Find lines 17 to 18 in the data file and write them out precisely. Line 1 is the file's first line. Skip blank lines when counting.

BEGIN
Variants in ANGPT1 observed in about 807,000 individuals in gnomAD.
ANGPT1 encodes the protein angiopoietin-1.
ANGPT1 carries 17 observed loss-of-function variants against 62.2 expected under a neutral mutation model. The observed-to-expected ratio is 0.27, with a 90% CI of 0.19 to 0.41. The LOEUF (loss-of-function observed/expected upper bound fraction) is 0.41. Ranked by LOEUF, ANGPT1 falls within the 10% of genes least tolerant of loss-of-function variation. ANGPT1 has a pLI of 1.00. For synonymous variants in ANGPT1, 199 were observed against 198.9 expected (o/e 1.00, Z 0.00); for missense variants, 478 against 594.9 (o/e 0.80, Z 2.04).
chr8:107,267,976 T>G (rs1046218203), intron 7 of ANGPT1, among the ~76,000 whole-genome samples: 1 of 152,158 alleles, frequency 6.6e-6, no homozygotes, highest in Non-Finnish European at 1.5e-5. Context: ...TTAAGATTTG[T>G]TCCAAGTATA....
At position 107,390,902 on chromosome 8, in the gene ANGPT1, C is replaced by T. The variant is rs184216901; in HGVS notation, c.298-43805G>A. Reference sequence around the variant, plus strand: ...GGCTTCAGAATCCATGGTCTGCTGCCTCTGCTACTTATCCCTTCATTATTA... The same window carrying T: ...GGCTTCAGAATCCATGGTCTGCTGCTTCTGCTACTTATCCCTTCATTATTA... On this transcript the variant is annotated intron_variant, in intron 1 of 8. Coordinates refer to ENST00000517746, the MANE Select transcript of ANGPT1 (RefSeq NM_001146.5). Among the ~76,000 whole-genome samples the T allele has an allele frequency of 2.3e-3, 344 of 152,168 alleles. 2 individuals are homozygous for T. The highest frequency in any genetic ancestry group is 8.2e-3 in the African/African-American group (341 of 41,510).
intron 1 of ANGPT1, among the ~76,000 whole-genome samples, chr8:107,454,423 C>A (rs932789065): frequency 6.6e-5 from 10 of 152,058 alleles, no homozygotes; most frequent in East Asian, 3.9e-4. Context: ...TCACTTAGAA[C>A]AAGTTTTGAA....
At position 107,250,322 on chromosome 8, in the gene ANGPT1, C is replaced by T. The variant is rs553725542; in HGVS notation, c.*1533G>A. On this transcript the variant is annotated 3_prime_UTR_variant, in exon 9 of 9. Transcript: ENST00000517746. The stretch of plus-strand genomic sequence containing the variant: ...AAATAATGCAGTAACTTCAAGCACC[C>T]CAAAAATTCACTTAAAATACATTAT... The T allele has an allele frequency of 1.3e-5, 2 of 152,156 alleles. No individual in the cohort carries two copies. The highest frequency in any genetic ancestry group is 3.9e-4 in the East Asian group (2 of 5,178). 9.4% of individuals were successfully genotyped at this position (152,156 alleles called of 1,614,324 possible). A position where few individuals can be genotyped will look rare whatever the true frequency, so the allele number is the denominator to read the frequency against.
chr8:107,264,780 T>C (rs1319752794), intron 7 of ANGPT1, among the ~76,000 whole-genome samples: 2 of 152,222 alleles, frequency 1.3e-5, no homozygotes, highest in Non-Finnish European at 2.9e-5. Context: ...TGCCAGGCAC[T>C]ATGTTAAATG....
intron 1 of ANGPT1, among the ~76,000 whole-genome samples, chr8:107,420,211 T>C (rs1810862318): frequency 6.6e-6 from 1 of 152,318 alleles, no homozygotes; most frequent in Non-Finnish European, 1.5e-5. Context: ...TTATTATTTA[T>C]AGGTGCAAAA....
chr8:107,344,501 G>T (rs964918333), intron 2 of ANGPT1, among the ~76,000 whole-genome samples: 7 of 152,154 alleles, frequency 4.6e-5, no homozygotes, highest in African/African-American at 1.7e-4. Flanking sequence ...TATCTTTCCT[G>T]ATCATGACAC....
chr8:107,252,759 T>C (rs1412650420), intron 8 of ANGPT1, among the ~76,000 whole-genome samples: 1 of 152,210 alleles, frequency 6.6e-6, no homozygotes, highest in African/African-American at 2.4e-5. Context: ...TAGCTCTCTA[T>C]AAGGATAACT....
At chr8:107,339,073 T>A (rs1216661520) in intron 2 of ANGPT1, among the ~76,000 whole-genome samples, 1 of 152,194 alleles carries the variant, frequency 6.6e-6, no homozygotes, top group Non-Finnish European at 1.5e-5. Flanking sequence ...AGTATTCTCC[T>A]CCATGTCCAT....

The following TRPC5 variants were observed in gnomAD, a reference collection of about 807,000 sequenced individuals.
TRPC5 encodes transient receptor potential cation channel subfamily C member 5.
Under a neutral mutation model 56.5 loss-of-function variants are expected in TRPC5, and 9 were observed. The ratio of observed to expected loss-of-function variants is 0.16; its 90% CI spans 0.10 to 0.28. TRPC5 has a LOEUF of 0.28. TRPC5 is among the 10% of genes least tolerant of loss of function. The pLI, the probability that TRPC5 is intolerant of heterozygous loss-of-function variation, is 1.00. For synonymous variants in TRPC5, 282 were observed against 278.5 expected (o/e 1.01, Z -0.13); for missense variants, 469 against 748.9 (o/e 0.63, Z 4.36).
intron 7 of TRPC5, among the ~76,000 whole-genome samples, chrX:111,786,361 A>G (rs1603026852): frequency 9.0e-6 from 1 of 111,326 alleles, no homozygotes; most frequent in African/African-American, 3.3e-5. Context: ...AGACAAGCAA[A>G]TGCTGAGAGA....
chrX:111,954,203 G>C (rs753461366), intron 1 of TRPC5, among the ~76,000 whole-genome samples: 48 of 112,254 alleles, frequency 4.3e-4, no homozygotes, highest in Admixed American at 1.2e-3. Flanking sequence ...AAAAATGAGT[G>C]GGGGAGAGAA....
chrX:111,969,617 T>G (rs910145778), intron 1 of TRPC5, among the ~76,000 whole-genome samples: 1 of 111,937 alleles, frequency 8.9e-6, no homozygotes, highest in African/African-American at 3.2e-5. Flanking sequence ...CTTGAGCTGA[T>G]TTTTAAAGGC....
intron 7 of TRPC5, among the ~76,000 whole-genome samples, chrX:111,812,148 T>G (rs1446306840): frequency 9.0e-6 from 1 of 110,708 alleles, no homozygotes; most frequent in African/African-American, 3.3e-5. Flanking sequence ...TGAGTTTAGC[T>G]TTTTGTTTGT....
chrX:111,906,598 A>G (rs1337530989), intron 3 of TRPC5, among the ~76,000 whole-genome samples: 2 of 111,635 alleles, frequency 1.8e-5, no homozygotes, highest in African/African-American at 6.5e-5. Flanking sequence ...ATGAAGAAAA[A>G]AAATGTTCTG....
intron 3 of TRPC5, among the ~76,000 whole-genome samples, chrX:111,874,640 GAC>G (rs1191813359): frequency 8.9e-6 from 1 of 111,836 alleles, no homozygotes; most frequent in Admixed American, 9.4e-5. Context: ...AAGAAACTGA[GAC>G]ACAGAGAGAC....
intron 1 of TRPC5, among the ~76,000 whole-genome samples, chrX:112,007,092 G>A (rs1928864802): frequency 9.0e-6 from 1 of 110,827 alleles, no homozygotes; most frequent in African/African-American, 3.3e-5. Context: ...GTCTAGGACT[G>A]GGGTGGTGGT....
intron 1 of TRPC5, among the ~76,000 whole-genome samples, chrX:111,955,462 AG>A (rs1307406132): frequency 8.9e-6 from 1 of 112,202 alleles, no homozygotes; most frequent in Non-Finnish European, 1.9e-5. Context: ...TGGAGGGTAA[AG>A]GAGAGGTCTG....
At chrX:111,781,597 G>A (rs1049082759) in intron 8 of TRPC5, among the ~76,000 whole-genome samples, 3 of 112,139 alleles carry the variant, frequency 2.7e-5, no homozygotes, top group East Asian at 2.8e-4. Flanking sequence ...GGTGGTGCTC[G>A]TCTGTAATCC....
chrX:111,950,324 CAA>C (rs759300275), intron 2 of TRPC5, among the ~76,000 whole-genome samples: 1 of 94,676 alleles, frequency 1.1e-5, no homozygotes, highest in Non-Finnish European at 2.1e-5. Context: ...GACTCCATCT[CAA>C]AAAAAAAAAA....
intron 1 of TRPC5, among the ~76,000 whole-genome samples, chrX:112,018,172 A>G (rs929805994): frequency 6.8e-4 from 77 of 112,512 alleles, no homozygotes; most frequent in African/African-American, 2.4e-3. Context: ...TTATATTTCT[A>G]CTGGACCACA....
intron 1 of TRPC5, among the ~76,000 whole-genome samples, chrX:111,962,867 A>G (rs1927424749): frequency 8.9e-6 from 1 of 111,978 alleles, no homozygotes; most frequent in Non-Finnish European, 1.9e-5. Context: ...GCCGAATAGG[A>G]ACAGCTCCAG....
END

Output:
chrX:111,954,203 G>C (rs753461366), intron 1 of TRPC5, among the ~76,000 whole-genome samples: 48 of 112,254 alleles, frequency 4.3e-4, no homozygotes, highest in Admixed American at 1.2e-3. Flanking sequence ...AAAAATGAGT[G>C]GGGGAGAGAA....
chrX:111,969,617 T>G (rs910145778), intron 1 of TRPC5, among the ~76,000 whole-genome samples: 1 of 111,937 alleles, frequency 8.9e-6, no homozygotes, highest in African/African-American at 3.2e-5. Flanking sequence ...CTTGAGCTGA[T>G]TTTTAAAGGC....